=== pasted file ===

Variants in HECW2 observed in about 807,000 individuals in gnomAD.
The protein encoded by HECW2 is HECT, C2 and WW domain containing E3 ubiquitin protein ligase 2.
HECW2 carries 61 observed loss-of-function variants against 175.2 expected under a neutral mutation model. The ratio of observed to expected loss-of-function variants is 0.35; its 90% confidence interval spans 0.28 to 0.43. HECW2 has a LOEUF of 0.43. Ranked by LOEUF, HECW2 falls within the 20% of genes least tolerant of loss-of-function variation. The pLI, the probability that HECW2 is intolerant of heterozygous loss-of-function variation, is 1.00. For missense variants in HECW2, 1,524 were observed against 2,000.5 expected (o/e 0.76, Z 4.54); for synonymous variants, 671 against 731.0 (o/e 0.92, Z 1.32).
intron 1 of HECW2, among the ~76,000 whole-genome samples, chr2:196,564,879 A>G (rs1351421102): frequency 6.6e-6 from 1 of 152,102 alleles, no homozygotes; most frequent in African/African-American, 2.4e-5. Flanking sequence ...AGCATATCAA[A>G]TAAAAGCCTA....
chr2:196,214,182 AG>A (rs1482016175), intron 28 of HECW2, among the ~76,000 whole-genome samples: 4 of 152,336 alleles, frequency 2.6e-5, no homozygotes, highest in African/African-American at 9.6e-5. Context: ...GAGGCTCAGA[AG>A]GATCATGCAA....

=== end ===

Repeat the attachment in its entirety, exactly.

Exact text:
Variants in HECW2 observed in about 807,000 individuals in gnomAD.
The protein encoded by HECW2 is HECT, C2 and WW domain containing E3 ubiquitin protein ligase 2.
HECW2 carries 61 observed loss-of-function variants against 175.2 expected under a neutral mutation model. The ratio of observed to expected loss-of-function variants is 0.35; its 90% confidence interval spans 0.28 to 0.43. HECW2 has a LOEUF of 0.43. Ranked by LOEUF, HECW2 falls within the 20% of genes least tolerant of loss-of-function variation. The pLI, the probability that HECW2 is intolerant of heterozygous loss-of-function variation, is 1.00. For missense variants in HECW2, 1,524 were observed against 2,000.5 expected (o/e 0.76, Z 4.54); for synonymous variants, 671 against 731.0 (o/e 0.92, Z 1.32).
intron 1 of HECW2, among the ~76,000 whole-genome samples, chr2:196,564,879 A>G (rs1351421102): frequency 6.6e-6 from 1 of 152,102 alleles, no homozygotes; most frequent in African/African-American, 2.4e-5. Flanking sequence ...AGCATATCAA[A>G]TAAAAGCCTA....
chr2:196,214,182 AG>A (rs1482016175), intron 28 of HECW2, among the ~76,000 whole-genome samples: 4 of 152,336 alleles, frequency 2.6e-5, no homozygotes, highest in African/African-American at 9.6e-5. Context: ...GAGGCTCAGA[AG>A]GATCATGCAA....